The Good Bar

Written by Jeff Koyen on . Posted in Breaking News, Posts.

night, me and the girl, walking around, looking for kicks. We stopped
into Red & Black on N. 5th in, yes, Williamsburg, which, yes, is my new
neighborhood. Almost in spite of myself, I moved into the belly of the beast,
into a room in a friend’s space on N. 3rd. I’ve known Woody since
1990 or so, when I was an undergrad at Rutgers and he was in Nudeswirl, one
of the best of the local bands.

Most of
the bands I knew have been pressed into memory under the heel of day jobs and
the gravity of thirtysomething pragmatism. Some, though, managed to poke their
beaks through the eggshell of New Brunswick, NJ. The Bouncing Souls and Shades
Apart, Monster Magnet and even Nudeswirl–all were friends or friends of
friends who saw varying degrees of accomplishment. Even young Ted What’shisname,
the pretty-boy charmer who slept with two different women I wanted (but took
seconds after me on at least one other)–he turned up as a back-up player
in the Hedwig and the Angry Inch film. I was pleased to see success come
his way, but will hesitate to leave him alone with my girlfriend should we ever
show up at the same bar.

So. Into
Red & Black, looking for a spot to sit for a few drinks, a chill place where
we could continue the dinner conversation. There were two empty seats at opposite
ends of the bar. Innocently enough, I made to move one nearer to the other.
You know, so my date and I could actually be next to each other while we drank
whatever overpriced bottles of beer were on offer.

The bartender
freaked as soon as I lifted the stool off the ground. She screeched as if her
nervous system’s alarm had been tripped by an unseen switch attached to
the foot of the stool. I stood still, confused, and quickly gathered that she
was afraid I intended to intrude upon the five-foot stretch of no-man’s
land where the wait staff fetches their drinks.

no," I said, "I’d like to bring this seat down to that seat,
at that end, so we can sit together."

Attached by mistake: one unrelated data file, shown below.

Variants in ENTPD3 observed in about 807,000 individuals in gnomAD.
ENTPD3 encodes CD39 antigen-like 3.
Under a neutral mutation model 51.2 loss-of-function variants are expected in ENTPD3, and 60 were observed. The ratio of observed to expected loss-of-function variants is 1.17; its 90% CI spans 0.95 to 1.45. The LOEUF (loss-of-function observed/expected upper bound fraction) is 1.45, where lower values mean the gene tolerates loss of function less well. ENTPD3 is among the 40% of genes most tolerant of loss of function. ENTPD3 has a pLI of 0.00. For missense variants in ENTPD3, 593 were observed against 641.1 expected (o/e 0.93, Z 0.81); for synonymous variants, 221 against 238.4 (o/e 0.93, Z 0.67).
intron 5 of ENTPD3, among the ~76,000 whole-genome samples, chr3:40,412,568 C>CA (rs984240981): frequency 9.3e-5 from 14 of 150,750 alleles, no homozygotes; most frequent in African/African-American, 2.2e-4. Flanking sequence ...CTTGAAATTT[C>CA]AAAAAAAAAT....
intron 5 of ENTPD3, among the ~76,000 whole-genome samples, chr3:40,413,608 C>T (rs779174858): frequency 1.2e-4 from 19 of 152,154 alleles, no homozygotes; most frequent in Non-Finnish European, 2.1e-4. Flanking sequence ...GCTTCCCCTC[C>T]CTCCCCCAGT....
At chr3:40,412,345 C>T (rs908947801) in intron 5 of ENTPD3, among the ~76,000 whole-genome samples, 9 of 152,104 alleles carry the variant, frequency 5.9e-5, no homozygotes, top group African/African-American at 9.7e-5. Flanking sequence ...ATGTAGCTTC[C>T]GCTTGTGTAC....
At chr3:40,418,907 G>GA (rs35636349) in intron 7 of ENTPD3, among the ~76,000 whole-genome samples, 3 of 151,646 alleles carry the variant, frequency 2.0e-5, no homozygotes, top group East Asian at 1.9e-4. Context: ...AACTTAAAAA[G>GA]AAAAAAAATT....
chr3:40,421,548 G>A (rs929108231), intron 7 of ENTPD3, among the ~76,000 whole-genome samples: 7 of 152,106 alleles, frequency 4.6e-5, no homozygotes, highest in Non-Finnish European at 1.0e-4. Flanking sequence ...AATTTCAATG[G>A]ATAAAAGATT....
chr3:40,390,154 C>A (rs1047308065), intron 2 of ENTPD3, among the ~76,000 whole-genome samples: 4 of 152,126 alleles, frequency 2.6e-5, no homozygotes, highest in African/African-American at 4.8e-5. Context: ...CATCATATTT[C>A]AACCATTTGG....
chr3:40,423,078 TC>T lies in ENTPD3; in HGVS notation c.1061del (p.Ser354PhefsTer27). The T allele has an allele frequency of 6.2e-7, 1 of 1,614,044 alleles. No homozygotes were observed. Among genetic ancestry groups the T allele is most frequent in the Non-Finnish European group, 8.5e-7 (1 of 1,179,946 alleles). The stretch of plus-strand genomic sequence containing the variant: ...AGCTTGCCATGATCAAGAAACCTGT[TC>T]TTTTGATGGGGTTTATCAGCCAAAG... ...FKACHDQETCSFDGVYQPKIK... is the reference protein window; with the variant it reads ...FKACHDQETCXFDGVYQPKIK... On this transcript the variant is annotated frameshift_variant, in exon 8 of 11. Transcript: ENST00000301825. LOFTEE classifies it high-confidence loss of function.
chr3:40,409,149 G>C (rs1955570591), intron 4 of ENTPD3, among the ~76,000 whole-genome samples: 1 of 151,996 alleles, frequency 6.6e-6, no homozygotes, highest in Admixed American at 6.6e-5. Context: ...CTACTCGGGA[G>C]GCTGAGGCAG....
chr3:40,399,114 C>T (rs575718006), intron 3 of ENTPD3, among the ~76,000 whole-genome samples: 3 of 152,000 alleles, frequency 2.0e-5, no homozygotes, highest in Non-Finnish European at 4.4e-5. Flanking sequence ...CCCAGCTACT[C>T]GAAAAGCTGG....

what I can only describe as panic, she refused to let the one stool creep closer
to the other stool. This, despite the near-empty bar and two accommodating patrons
who’d just moved their jackets for us. I don’t know if she was cranky
because she couldn’t smoke or because the place was slow on a Saturday
night, but I’m just about the most polite person in the world, and I don’t
deserve to be treated like the help by some dissatisfied cunt bartender.

Around the
corner and down the block we went, to the ever dependable Sweet Water Tavern,
which is more our style anyway. We took our pints to the back and played the
best bar videogame in the world: Big Buck Hunter II. Keep your sit-down Ms.
Pac Man, keep your bowling, keep your golfing. Give me a heavy, plastic shotgun
and the chance to kill 18 glorious, graceful bucks per one dollar.

By our third
hunting trip–and fifth pint–we were dropping eight-pointers with aplomb
and screaming at the screen when a doe got in the way. After six dollars, we
had an admirable number of bucks to our credit and it was time to go home.

Back to
watch the American remake of The Ring, a movie surprisingly sufficient
for the occasional creepy moment. It was a better movie when Japanese people
were running around investigating a cursed videotape, but for those of us with
a high tolerance for shitty horror films, the concept of discriminating taste
doesn’t exist. Especially when a little drunk.

It was a
good weekend for movies. On Saturday, we also watched Resident Evil,
and then on Sunday afternoon I saw The Good Thief, Neil Jordan’s
expat-thief movie set in Paris and starring Nick Nolte. I stepped out of the
theater wistful for travel. It made me miss that feeling of landing in a new
city where you don’t speak the language, that indescribable sense of being
an outsider in a world that couldn’t give a shit about you, but only for
the right reasons.